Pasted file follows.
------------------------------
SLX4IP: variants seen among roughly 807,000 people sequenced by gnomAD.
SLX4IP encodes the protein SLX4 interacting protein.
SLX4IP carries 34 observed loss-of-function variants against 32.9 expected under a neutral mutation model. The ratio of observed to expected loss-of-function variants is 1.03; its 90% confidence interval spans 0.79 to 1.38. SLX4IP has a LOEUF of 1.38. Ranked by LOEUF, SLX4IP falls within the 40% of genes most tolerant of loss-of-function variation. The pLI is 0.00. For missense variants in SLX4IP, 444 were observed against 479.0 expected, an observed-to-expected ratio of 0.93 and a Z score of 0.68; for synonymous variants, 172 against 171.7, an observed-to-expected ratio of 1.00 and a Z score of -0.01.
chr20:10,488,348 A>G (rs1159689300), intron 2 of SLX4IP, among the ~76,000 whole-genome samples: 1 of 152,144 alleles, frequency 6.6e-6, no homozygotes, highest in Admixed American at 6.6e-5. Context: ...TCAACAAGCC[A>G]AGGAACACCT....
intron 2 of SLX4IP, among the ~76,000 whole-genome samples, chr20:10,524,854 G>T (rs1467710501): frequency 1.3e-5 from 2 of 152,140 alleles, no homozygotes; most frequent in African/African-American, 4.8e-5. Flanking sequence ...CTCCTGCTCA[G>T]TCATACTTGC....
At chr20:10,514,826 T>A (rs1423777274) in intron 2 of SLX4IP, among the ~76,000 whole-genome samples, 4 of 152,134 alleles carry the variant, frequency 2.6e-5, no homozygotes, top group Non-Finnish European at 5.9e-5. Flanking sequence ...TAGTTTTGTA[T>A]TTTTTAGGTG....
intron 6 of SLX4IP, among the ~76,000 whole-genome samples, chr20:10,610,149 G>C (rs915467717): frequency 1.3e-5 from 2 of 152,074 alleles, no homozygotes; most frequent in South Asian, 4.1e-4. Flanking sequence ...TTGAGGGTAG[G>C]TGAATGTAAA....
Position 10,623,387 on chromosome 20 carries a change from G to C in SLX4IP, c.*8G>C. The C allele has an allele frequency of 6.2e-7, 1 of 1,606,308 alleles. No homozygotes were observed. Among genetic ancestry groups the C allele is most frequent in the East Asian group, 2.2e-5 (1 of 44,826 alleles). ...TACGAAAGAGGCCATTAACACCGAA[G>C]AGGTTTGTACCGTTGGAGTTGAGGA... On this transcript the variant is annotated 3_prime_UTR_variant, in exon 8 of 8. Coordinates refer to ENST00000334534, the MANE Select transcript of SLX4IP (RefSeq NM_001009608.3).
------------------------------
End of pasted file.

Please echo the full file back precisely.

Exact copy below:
SLX4IP: variants seen among roughly 807,000 people sequenced by gnomAD.
SLX4IP encodes the protein SLX4 interacting protein.
SLX4IP carries 34 observed loss-of-function variants against 32.9 expected under a neutral mutation model. The ratio of observed to expected loss-of-function variants is 1.03; its 90% confidence interval spans 0.79 to 1.38. SLX4IP has a LOEUF of 1.38. Ranked by LOEUF, SLX4IP falls within the 40% of genes most tolerant of loss-of-function variation. The pLI is 0.00. For missense variants in SLX4IP, 444 were observed against 479.0 expected, an observed-to-expected ratio of 0.93 and a Z score of 0.68; for synonymous variants, 172 against 171.7, an observed-to-expected ratio of 1.00 and a Z score of -0.01.
chr20:10,488,348 A>G (rs1159689300), intron 2 of SLX4IP, among the ~76,000 whole-genome samples: 1 of 152,144 alleles, frequency 6.6e-6, no homozygotes, highest in Admixed American at 6.6e-5. Context: ...TCAACAAGCC[A>G]AGGAACACCT....
intron 2 of SLX4IP, among the ~76,000 whole-genome samples, chr20:10,524,854 G>T (rs1467710501): frequency 1.3e-5 from 2 of 152,140 alleles, no homozygotes; most frequent in African/African-American, 4.8e-5. Flanking sequence ...CTCCTGCTCA[G>T]TCATACTTGC....
At chr20:10,514,826 T>A (rs1423777274) in intron 2 of SLX4IP, among the ~76,000 whole-genome samples, 4 of 152,134 alleles carry the variant, frequency 2.6e-5, no homozygotes, top group Non-Finnish European at 5.9e-5. Flanking sequence ...TAGTTTTGTA[T>A]TTTTTAGGTG....
intron 6 of SLX4IP, among the ~76,000 whole-genome samples, chr20:10,610,149 G>C (rs915467717): frequency 1.3e-5 from 2 of 152,074 alleles, no homozygotes; most frequent in South Asian, 4.1e-4. Flanking sequence ...TTGAGGGTAG[G>C]TGAATGTAAA....
Position 10,623,387 on chromosome 20 carries a change from G to C in SLX4IP, c.*8G>C. The C allele has an allele frequency of 6.2e-7, 1 of 1,606,308 alleles. No homozygotes were observed. Among genetic ancestry groups the C allele is most frequent in the East Asian group, 2.2e-5 (1 of 44,826 alleles). ...TACGAAAGAGGCCATTAACACCGAA[G>C]AGGTTTGTACCGTTGGAGTTGAGGA... On this transcript the variant is annotated 3_prime_UTR_variant, in exon 8 of 8. Coordinates refer to ENST00000334534, the MANE Select transcript of SLX4IP (RefSeq NM_001009608.3).